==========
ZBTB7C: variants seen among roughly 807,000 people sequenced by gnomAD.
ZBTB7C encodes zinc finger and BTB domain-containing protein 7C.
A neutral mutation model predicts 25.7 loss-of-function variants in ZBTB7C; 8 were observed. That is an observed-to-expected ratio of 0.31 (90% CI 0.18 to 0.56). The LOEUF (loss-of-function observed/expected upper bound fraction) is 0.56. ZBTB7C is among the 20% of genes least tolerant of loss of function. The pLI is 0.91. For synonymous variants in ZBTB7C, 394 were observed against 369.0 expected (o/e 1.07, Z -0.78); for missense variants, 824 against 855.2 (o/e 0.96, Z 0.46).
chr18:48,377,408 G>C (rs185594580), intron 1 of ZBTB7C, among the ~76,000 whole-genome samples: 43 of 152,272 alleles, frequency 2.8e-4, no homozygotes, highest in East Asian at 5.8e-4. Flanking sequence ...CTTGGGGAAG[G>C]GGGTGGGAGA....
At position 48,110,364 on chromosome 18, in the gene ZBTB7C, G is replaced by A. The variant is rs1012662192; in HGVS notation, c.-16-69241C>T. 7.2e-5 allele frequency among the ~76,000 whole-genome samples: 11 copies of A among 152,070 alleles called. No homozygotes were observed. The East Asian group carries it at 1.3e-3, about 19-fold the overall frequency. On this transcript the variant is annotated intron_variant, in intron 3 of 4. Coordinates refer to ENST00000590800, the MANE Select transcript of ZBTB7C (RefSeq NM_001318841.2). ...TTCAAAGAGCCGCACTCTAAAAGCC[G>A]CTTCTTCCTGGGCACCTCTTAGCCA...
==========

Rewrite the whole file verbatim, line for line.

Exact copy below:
ZBTB7C: variants seen among roughly 807,000 people sequenced by gnomAD.
ZBTB7C encodes zinc finger and BTB domain-containing protein 7C.
A neutral mutation model predicts 25.7 loss-of-function variants in ZBTB7C; 8 were observed. That is an observed-to-expected ratio of 0.31 (90% CI 0.18 to 0.56). The LOEUF (loss-of-function observed/expected upper bound fraction) is 0.56. ZBTB7C is among the 20% of genes least tolerant of loss of function. The pLI is 0.91. For synonymous variants in ZBTB7C, 394 were observed against 369.0 expected (o/e 1.07, Z -0.78); for missense variants, 824 against 855.2 (o/e 0.96, Z 0.46).
chr18:48,377,408 G>C (rs185594580), intron 1 of ZBTB7C, among the ~76,000 whole-genome samples: 43 of 152,272 alleles, frequency 2.8e-4, no homozygotes, highest in East Asian at 5.8e-4. Flanking sequence ...CTTGGGGAAG[G>C]GGGTGGGAGA....
At position 48,110,364 on chromosome 18, in the gene ZBTB7C, G is replaced by A. The variant is rs1012662192; in HGVS notation, c.-16-69241C>T. 7.2e-5 allele frequency among the ~76,000 whole-genome samples: 11 copies of A among 152,070 alleles called. No homozygotes were observed. The East Asian group carries it at 1.3e-3, about 19-fold the overall frequency. On this transcript the variant is annotated intron_variant, in intron 3 of 4. Coordinates refer to ENST00000590800, the MANE Select transcript of ZBTB7C (RefSeq NM_001318841.2). ...TTCAAAGAGCCGCACTCTAAAAGCC[G>A]CTTCTTCCTGGGCACCTCTTAGCCA...